British Executions

Patrick Hamilton

Age: unknown

Sex: male

Crime: murder

Date Of Execution: 5 Sep 1716

Crime Location:

Execution Place: Edinburgh

Method: beheaded

Executioner: unknown




Younger of Green, who was Beheaded at the Grass-
merkat of Edinburgh, upon the 5th of September 1716,

MY weeping Muse proceed with murnful Tone,
    And with great Floods of brekish Tears bemoan,
The fatel End of this brave Hamilton,
Who might for Beauty equal Absolom:
A stately Youth, of honour'd Birth and Blood,
Who likewife had an Education Good.
But was by youthful Passions led astray,
And in a Fit, rashly a Man did Slay,
Which tho' not out of Malice,   or Envy,
The Law requires that for it he should Die;
Accordingly, the Sprightly Youth was led
Unto the Scaffold and his Blood their shed.
That thereby he might in some part   Attone,
For th' undesiged mischief he had done,
And likewife as a Caution unto all,
That they may not in such Offences fall;
Tho herein Justice only did take place,
Yet still it is a Lamentable   Case.
That such a comely Youth his Days should end,
In such a manner, and to Grave descend.
Just in the Vigour of his Strength and Years,
Leaving his Friends and Kindred bath'd in Tears,
Just when for Action sit he was become.
And Signal Service both Abroad and Home,
Especialy in Works of Martial kind,
To which this stately Youth was much inclin'd,
What Great Achivements might this Youth have done,

Had he not been snatch'd off the Stage so soon,
By this unhappy Accident and Wrong.
Which suffer'd him not his Days to Prolong,
Let ev'ry Youth, and even the Aged too,
Just warning take and not such Actions do,
As, may deserve the stroak of Justice Fist,
Which none can ward off, much less can Resist,
And as they would avoid enormious Crimes,
And there desert, let them begin by Times,
T'avoid all lesser evils which makes way,
For greater ones, such as to Rob and Slay;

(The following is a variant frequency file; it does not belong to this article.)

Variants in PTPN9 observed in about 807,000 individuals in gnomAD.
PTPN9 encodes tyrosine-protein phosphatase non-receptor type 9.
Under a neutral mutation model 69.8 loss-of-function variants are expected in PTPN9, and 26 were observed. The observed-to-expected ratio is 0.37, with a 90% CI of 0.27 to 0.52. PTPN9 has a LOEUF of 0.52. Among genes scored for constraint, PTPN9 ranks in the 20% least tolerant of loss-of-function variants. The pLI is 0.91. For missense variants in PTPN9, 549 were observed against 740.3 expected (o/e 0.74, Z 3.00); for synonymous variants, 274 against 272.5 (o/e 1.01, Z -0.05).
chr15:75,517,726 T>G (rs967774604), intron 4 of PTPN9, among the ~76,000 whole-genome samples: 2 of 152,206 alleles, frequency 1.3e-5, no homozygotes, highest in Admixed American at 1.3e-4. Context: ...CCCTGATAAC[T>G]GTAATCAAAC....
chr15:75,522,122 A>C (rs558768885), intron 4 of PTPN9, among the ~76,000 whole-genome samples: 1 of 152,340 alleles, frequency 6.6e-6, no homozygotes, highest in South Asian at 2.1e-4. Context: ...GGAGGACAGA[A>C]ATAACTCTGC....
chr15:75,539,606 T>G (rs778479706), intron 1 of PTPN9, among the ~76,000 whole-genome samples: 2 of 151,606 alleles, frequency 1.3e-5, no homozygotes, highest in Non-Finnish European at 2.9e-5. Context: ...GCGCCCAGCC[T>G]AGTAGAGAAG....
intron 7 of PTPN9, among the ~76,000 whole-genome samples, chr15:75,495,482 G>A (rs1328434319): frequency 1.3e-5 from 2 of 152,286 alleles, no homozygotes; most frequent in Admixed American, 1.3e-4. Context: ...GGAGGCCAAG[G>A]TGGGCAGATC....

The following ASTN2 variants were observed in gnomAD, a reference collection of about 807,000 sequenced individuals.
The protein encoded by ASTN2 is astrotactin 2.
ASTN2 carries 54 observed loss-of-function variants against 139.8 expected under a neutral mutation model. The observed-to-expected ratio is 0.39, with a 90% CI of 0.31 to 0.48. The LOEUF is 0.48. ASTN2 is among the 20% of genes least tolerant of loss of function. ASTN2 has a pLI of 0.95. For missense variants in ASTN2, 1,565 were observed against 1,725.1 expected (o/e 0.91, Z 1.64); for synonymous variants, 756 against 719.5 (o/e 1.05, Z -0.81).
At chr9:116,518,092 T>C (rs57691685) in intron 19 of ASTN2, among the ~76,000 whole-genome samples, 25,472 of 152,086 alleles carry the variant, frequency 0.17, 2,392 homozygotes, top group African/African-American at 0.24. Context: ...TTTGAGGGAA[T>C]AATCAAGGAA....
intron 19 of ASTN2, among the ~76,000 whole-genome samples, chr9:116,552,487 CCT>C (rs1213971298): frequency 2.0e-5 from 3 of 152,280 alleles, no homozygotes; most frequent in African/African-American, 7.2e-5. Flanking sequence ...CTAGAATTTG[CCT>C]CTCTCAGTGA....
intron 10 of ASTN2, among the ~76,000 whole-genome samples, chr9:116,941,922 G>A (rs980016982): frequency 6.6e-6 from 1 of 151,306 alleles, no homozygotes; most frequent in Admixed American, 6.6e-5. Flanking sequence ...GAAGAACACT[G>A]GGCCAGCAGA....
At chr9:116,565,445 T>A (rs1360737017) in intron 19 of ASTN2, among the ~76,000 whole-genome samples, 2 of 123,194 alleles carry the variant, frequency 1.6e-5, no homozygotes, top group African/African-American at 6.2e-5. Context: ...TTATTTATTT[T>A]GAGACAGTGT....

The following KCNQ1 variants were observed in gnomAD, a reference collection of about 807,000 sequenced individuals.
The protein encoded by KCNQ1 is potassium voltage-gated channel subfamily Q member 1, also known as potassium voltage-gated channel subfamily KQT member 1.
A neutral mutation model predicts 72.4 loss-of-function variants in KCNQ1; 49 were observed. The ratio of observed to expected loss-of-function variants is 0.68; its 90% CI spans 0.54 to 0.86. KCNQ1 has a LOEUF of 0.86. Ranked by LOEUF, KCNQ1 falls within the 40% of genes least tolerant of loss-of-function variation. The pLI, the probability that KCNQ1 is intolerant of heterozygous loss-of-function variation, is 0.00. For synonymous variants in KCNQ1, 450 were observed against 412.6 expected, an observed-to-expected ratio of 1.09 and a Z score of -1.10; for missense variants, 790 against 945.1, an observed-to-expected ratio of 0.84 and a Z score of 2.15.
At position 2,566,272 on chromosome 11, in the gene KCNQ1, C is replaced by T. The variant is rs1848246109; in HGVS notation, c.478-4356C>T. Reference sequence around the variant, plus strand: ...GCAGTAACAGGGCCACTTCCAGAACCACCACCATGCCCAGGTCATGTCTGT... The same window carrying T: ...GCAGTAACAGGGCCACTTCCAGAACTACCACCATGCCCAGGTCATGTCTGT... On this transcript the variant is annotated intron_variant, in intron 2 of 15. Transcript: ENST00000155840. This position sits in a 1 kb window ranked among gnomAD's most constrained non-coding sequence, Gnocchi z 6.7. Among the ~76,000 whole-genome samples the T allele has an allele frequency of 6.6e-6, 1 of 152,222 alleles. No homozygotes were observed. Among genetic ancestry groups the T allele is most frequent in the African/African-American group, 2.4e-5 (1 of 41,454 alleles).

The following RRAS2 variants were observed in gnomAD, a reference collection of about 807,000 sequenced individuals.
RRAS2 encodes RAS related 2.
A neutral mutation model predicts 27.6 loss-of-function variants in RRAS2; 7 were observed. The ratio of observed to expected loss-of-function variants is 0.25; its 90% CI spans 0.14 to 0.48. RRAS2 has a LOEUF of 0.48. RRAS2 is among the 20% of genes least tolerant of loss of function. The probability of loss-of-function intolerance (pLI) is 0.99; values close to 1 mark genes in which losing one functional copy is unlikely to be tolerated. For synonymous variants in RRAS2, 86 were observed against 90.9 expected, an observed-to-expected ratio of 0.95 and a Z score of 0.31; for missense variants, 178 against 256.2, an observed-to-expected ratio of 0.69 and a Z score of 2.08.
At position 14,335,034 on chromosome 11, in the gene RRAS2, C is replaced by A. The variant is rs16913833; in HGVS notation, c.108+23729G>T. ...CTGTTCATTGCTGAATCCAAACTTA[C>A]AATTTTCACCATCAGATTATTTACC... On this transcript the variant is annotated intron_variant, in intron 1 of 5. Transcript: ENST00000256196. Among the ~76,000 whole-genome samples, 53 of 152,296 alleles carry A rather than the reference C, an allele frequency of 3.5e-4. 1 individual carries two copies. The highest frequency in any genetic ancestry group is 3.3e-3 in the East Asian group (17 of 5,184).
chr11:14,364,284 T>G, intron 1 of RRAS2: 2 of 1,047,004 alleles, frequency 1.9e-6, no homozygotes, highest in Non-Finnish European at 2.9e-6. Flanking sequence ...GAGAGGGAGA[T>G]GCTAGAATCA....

For litle Faults, by some cal'd venial Sin,
Do ope the Door that lets all others in ;
It therefore much concerns both Young and Old,
Against all kind of Vice strick Watch to hold,
And in the bud each growing Vice to Nip,
And let no Means, nor no Occasion slip,
Of strengthening counter Vertues in the Mind,
And practice too by which they'l quickly find,   
As virtue Grows, Vice will be beaten down,
And they at last obtain a Glorious Crown.

This execution notice begins: 'ELEGY / ON / The Death of PATRICK HAMILTON Younger of Green, who was beheaded at the Grassmerket of Edinburgh, upon the 5th of September 1716'. The elegy begins: 'My weeping Muse procees with murnful Tone'.

This sheet is unusual in that it is not a formal prose notice of Hamilton's execution, but rather is a poetic act of public mourning. Very little is known about Hamilton, except that which is stated here: he is a youth who 'accidentally' killed someone and is now to be hung. It is possible that someone who knew him commissioned this piece or that the case was well-publicised at the time. It is also possible that this poem was a standard plate owned by the printers, who simply changed the name and details for each separate order.

Reports recounting dark and salacious deeds were popular with the public, and, like today's sensationalist tabloids, sold in large numbers. Crimes could generate sequences of sheets covering descriptive accounts, court proceedings, last words, lamentations and executions as they occurred. As competition was fierce, immediacy was paramount, and these occasions provided an opportunity for printers and patterers to maximise sales.